Join with us and the GRASSROOTS WILDLAND FIREFIGHTERS and sign this petition to make sure Congress knows what’s at stake here. “We will give the signed petition to each member of Congress,” says Riva Duncan, the organization’s vice president, “and we’ll urge them to avoid the Firefighter Fiscal Cliff. Please share this petition with your family, friends, colleagues — and anyone else who cares about this nation’s beloved public lands.”

SIGN THE PETITIONLearn more about the Grassroots Wildland Firefighters and how you can help here:

Oregon trains National Guard crew

Airmen from the 173rd Fighter Wing recently spent five days of wildland fire training with the Oregon Department of Forestry in preparation for their role in assisting with the 2023 fire season.

Air National Guard Magazine featured a story about ODF firefighters lighting a controlled blaze during training for the 173rd Fighter Wing Airmen at Kingsley Field in Klamath Falls, Oregon.

(U.S. Air National Guard photo by Airman 1st Class Adriana Scott)
(U.S. Air National Guard photo by Airman 1st Class Adriana Scott)

“We are tasked with training Guardsmen on Operations Plan Smokey,” said Jake Barnett, protection supervisor for ODF. He said this initial training consists of 32 hours of in-class and hands-on instruction. Airmen are ready to assist the state of Oregon if called up during emergencies and natural disasters. Operation Plan Smokey provides extra resources to the state from the National Guard via an interagency agreement between the Oregon Military Department and the ODF. Training covered fire behavior, tool use, and communications. The last day included a burn in sagebrush and tall grass. Oregon red-carded 20 new firefighters for the state, and Col. Lee Bouma, 173rd FW commander, said they trained an extra three crews this year.

National Firefighter Registry opens for profession-wide cancer monitoring

The National Firefighter Registry (NFR) officially opens its enrollment portal today after a few months in pre-launch testing and years of preparation by the National Institute for Occupational Safety and Health (NIOSH). Wildland and structural firefighters who register and share their exposure histories at will help support the NFR’s goal of understanding and reducing cancer in firefighters.

The registry seeks comprehensive participation and notes four objectives that firefighters will support by enrolling:

      • “Help protect your brothers and sisters in the fire service from developing cancer
      • “Help lessen the impact of cancer on firefighters’ families and friends
      • “Pave the way for new health and safety measures to keep the next generation of firefighters safe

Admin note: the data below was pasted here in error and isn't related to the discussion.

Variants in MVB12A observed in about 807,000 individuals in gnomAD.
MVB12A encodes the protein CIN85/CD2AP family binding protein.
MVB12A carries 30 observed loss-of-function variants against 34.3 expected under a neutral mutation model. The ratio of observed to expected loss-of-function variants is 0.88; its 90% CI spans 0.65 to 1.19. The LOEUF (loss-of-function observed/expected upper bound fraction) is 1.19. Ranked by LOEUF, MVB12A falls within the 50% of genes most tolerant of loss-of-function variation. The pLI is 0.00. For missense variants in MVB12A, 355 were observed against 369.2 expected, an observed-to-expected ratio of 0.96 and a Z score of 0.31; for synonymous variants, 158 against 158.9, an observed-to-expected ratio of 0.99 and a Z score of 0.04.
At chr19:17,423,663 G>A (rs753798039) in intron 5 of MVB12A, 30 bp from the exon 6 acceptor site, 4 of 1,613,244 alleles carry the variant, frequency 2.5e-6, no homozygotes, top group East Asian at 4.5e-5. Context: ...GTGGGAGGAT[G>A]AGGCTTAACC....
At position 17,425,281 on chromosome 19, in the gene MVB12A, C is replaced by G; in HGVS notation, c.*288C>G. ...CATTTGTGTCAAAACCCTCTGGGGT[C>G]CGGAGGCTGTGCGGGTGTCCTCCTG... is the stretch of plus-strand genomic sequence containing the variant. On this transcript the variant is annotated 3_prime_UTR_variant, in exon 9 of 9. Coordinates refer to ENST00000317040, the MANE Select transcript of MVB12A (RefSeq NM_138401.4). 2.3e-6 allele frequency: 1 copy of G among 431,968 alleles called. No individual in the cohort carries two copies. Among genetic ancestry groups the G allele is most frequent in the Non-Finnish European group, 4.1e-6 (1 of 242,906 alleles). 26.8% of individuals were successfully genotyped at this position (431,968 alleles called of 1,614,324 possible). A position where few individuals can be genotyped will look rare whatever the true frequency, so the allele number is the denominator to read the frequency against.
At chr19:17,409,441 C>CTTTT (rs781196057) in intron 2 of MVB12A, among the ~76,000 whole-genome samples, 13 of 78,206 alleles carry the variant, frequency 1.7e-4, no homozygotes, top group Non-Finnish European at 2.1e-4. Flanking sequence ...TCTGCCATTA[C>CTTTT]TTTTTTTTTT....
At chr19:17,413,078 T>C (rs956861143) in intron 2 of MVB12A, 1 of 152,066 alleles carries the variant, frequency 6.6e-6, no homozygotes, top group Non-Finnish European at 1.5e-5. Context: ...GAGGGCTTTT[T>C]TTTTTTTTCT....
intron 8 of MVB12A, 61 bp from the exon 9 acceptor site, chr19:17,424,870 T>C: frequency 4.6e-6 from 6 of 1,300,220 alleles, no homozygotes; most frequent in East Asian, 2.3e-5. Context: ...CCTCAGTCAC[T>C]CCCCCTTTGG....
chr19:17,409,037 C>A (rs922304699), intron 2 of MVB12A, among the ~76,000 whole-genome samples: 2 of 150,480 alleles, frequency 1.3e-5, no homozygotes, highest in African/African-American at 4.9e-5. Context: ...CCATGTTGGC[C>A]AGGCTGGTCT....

• “Improve understanding of cancer risk among minority, female, and volunteer firefighters, as well as groups like wildland firefighters”

To develop comprehensive and ongoing  analyses of risks and illnesses, the NFR  encourages participation by all firefighters, structural and wildland, and all statuses — volunteer, on-call, seasonal, full-time, retired, disabled, with or without a cancer diagnosis.

While the images on the registry often focus on structural firefighters, the associated links include background health and cancer information for wildland firefighters and a web page focused on outdoor workers and smoke.

National Firefighter Registry

Bill Gabbert wrote many articles in Wildfire Today covering the genesis and progress toward the National Firefighter Registry (also referred to as the “cancer registry”). One article shared Kathleen Navarro’s “A Brief Look” at cancer and health risks for wildland firefighters, which notes an estimated 8-43% increased chance of lung cancer and a 16-30% increased risk of heart disease mortality among wildland firefighters. Gabbert died of cancer in January.

For agencies and organizations seeking to support enrollment, a communications portal offers a range of print and social media messages.

One suggestion when registering: gather up your experience records first. I completed the first three registration stages (the “profile” stage) in around 10 minutes and then took a break to collect some notes on seasons of service and types and amount of exposure. A registrant can step aside from the profile stage of the portal and continue later, but once you enter details of your fire experience in the “experience” stage of registration, you aren’t able to edit it.

Recording an accurate representation of work and fire experience is a core component of the registry, which seeks to create a database of fire experience, firefighter’s risk exposure and long-term health effects. This has proven a challenge for researchers examining the higher prevalence of cancer occurrence among firefighters.

This can be particularly challenging with wildland firefighters serving on seasonal assignments (and with seasonal exposure to many varieties and quantities of smoke and other potential fireline-related carcinogens). The registry includes questions that may assist in determining wildland smoke exposure, including a firefighter’s role in fire — such as hand crew, engine crew, aviation, etc.; firefighter or fire manager; and the duration and type of fires (wildfire vs. prescribed) that a firefighter responded to on average, by the specific positions held. The experience questionnaire includes most varieties of fire experience, including wildland-urban interface as compared to wildfires. The experience and personal demographic sections may take from 20-30 minutes to complete, longer if you’d had a variety of positions and fire experience in your career.

National Firefighter Registry - Stage 3 profile completed.
National Firefighter Registry – the Profile stages completed. Take a break and gather your exposure history before tackling the Experience Questionnaire.

The document below shares a step-by-step process. Note that the consent is in-depth, in part to ensure participants that their shared information will be kept confidential. Survey questions include general health and demographic questions, including a history of tobacco or alcohol use and workplace but non-fire exposure to potential carcinogens.

Once a firefighter is registered, an anonymized tracking system in state cancer registries will link a cancer diagnosis (if one occurs) to the last four digits of a social security number, which will then correlate the diagnosis with the NFR data that includes the firefighter’s experience and exposure. In some cases, NIOSH may connect with a registered firefighter to seek voluntary participation in additional research.

[pdf-embedder url=”” title=”How to signup for Firefighter Registry”]